Qatar’s bourse has done all it needs to secure an upgrade to emerging market status from index compiler MSCI and the onus is now on individual companies to address the main foreign ownership limit issue, its top executive said.
Andre Went also told Reuters in an interview that the exchange, home to the best-performing regional benchmark last year, aims to launch trade in bonds, introduce market makers and increase companies listed on the bourse.
The biggest issue facing investors in the tiny Gulf Arab state, the world’s richest country per capita, is the low foreign ownership of Qatari companies, and this prompted a snub from MSCI during its review in December when it retained the country as frontier market.
“At this moment, there's not much the exchange needs to do. It’s up to individual companies to take that decision to move forward,” Went said.
“The current foreign ownership rule stipulates a minimum of 25 per cent, not a maximum. It serves as a floor, rather than a cap. Today, any company can apply for higher foreign ownership limits.”
Analysts estimate that a promotion to emerging market could result in inflows of up to $1.5 billion.
The bourse increased memberships from 7 to 10 or 11 and issued multiple licenses for international custodians to comply with MSCI regulations. Qatar had eight or nine companies that ticked the boxes for emerging market status as against the MSCI stipulation of at least three companies for qualification, according to Went.
The executive said it was difficult to predict whether an upgrade would happen at MSCI's next review in June, adding that the exchange continued to hold roadshows with companies and investors on the topic.
“MSCI wants to be comfortable that there is sufficient room available for foreign investors when it promotes a country from frontier to emerging,” he said.
Qatari retail investors comprise 65 to 70 percent of trading on the country’s exchange, but 20 to 25 percent of holdings, Went said.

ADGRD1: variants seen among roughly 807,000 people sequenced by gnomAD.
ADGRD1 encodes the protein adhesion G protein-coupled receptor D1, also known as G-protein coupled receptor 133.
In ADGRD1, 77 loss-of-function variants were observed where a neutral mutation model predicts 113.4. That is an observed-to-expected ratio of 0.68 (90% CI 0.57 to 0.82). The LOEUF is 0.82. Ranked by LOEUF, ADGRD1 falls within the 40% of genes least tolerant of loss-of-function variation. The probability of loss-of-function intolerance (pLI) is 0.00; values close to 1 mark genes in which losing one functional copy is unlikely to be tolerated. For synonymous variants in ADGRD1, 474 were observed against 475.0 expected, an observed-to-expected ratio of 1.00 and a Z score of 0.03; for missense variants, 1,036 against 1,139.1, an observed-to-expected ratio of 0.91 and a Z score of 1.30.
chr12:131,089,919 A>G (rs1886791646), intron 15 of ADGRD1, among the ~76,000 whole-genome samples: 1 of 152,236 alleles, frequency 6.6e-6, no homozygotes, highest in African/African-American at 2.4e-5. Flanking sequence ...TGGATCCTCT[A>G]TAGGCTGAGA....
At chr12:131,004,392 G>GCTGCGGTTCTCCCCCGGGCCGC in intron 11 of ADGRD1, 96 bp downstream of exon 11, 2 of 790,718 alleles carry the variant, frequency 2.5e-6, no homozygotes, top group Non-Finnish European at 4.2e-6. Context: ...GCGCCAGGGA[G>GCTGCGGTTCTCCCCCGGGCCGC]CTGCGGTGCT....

“Non-Qatari investors make up only six to seven percent of the bourse’s market cap, so there is significant room still available.”
Went expects to see four new listings on the bourse a year on average over the next few years.
The massive domestic infrastructure building program Qatar has embarked on in the runup to the 2022 World Cup soccer tournament it is hosting would help markets, Went said.
Qatar has been preparing to deepen its debt market for many months, but has proceeded cautiously.
“Hopefully this year in one form or the other, we will have trading of government bonds of longer maturities, corporate bonds and project bonds,” Went said.
Activity in Qatari Treasury bills has been limited since they began trading on the Gulf state's bourse in late December, he said.
“Trading in T-bills has been quiet because T-bill trading is targeted at money market funds, not retail investors,” he said.
The exchange is in the first phase of a five-year plan launched in June 2009. The first phase involves the reform of the cash market, followed by the possibility of central counterparty and derivatives trading, and international business development in the final phase, he said.
It also plans to introduce market makers to increase liquidity, Went said.
“We would like to introduce liquidity providers, or market makers, who would be given a rebate in exchange for their commitment. We also want to introduce lending and borrowing, and direct market access.”
Qatar Exchange’s junior market will be launched only if there are five to 10 viable IPO candidates, he said.
“We are talking to interested parties and their advisors. Within five months we will have more clarity about those prospects.”
Went said he did not see much consolidation among regional exchanges in the next five years. He said there were multiple steps that need to be taken, such as harmonization of regulations, as a prerequisite for exchange consolidation.